A Place Called Arimathaea

Having spent too much time preparing and delivering the Word concerning the Lord’s death, I could not help but to continue in this vein. Joseph of Arimathaea “begged the body of Jesus Christ.” Joseph sought the permission of Pilate to care for the battered and depleted body of the Lord after the crucifixion. The crowds were gone; the miracles lay dormant in faint memory; even the disciples had scattered throughout the countryside. Joseph was there to care for His body when all hope and future promise had been wrung out. It was Joseph who was present to attend to the needs of what remained.

The narrative awakened my mind to the story of a church in the south that suffered greatly. The issues are too numerous to tell, but the result was a depleted church and a battered ministry. After all the dust settled, it devolved into a small, broken body. A young couple, however, stayed to care for the building and properties. You could find them in daily duties maintaining the grounds and keeping the sanctuary clean. They said, “someone has to keep the house open.”

Juxtaposed against that bleak image is the plethora of healing revivals and musical performances in churches across America. People are racing to fill the most coveted seats at conventions and conferences to see and hear whatever the new thing might be. Few want to attend to the wounded or depleted.

I see the church as the “body of Christ.” If this be the case, what shall we say of a wounded, broken, or depleted body? Who remains to care for a wounded ministry or broken heart? The compassionate spirit of Joseph of Arimathaea is in short supply. That spirit is attentive to the remaining matters when revivals and programs are over. He looks to the things that others reject. He’s there when the highs are fallen and excitement has turned away.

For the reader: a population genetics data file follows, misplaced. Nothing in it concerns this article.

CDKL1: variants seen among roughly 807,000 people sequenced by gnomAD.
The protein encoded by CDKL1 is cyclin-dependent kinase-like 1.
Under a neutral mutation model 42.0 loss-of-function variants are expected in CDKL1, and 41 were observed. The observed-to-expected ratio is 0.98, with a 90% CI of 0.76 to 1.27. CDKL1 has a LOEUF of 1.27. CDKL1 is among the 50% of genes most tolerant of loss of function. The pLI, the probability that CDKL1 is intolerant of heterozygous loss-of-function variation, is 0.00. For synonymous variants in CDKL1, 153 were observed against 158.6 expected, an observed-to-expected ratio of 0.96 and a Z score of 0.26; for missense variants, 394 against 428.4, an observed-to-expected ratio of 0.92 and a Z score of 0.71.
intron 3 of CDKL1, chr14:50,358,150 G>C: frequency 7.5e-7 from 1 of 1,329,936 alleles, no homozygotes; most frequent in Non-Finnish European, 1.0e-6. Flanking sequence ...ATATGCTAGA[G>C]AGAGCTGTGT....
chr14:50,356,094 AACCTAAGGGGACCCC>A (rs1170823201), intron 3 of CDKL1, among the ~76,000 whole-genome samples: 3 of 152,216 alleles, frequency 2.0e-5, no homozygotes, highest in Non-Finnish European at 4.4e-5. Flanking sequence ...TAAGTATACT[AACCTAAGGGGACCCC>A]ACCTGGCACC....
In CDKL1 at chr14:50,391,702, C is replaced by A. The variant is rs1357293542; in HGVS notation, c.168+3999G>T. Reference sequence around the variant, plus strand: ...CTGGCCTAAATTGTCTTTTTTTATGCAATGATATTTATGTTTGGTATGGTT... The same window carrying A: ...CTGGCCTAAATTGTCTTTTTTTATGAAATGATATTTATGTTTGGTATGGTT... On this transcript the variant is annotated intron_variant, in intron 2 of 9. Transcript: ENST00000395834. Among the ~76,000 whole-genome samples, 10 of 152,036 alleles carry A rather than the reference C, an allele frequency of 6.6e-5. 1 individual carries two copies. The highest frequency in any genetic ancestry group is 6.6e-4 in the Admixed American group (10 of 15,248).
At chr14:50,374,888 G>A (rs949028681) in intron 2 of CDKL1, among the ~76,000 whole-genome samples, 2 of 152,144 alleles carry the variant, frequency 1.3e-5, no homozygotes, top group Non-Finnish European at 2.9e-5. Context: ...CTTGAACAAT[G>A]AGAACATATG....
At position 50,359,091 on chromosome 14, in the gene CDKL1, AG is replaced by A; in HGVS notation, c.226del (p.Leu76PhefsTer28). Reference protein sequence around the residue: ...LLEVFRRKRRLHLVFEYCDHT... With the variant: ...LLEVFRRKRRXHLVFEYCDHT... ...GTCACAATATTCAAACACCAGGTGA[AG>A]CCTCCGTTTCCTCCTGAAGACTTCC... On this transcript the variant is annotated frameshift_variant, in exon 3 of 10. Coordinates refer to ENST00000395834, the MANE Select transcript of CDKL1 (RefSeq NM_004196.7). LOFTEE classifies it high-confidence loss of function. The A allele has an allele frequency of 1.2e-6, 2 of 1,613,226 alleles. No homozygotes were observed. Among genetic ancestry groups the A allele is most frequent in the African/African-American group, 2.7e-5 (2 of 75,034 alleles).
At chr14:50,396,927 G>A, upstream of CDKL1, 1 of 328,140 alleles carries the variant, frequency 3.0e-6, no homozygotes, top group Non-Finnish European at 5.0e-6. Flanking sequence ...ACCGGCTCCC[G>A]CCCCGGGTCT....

I present this thought in light of our hedonistic culture. Even Christians like to be gratified. I submit that caring for the Lord after Calvary is critical to the remaining story. Jesus’ body needed to be washed, wrapped, and placed in a tomb for there to be the possibility of a resurrection. Yet, anointing a dead Christ doesn’t sound glamorous. It’s not like embracing a living Messiah full of power and strength. In light of the Gospel and the fulfillment of Pentecost, someone has to care for what remains. I’m looking for the spirit of Joseph from a place called Arimathaea.

Pastor Jeffrey Harpole

Harbor …

The reunion of Joseph, his brothers, and father was filled with emotion and tears. After more than 20 years of separation, Joseph finally saw the fulfillment of his dreams play out. When Jacob died, the brothers grew fearful that Joseph might seek retribution against them. It was speculative, but possible. They asked, Genesis 50:15 “What if Joseph holds a grudge against us and pays us back for all the wrongs we did to him?”

They sent a message to Joseph from their father about forgiving them. We don’t know if Jacob actually said the words, but the brothers thought it might ease the tension and release them from their past sins. The message was this: “I ask you to forgive your brothers, the sins, and the wrongs they committed in treating you so badly.” When Joseph heard the words, the Bible says that he wept. His reply is captured in the annals of time; an imprint of truth that provides a landmark for all to follow: Genesis 50:19 And Joseph said unto them, Fear not: for am I in the place of God?

A harbor is a place where ships often settle before unloading. “To harbor” is to keep something protected. It could also mean to store things that should not be kept. Joseph did not harbor feelings of bitterness against his brothers even though they thought he might. Joseph did not hold back some suspicion or angst because he had forgiven them years prior. The revealing word came in the question, “…am I in the place of God?”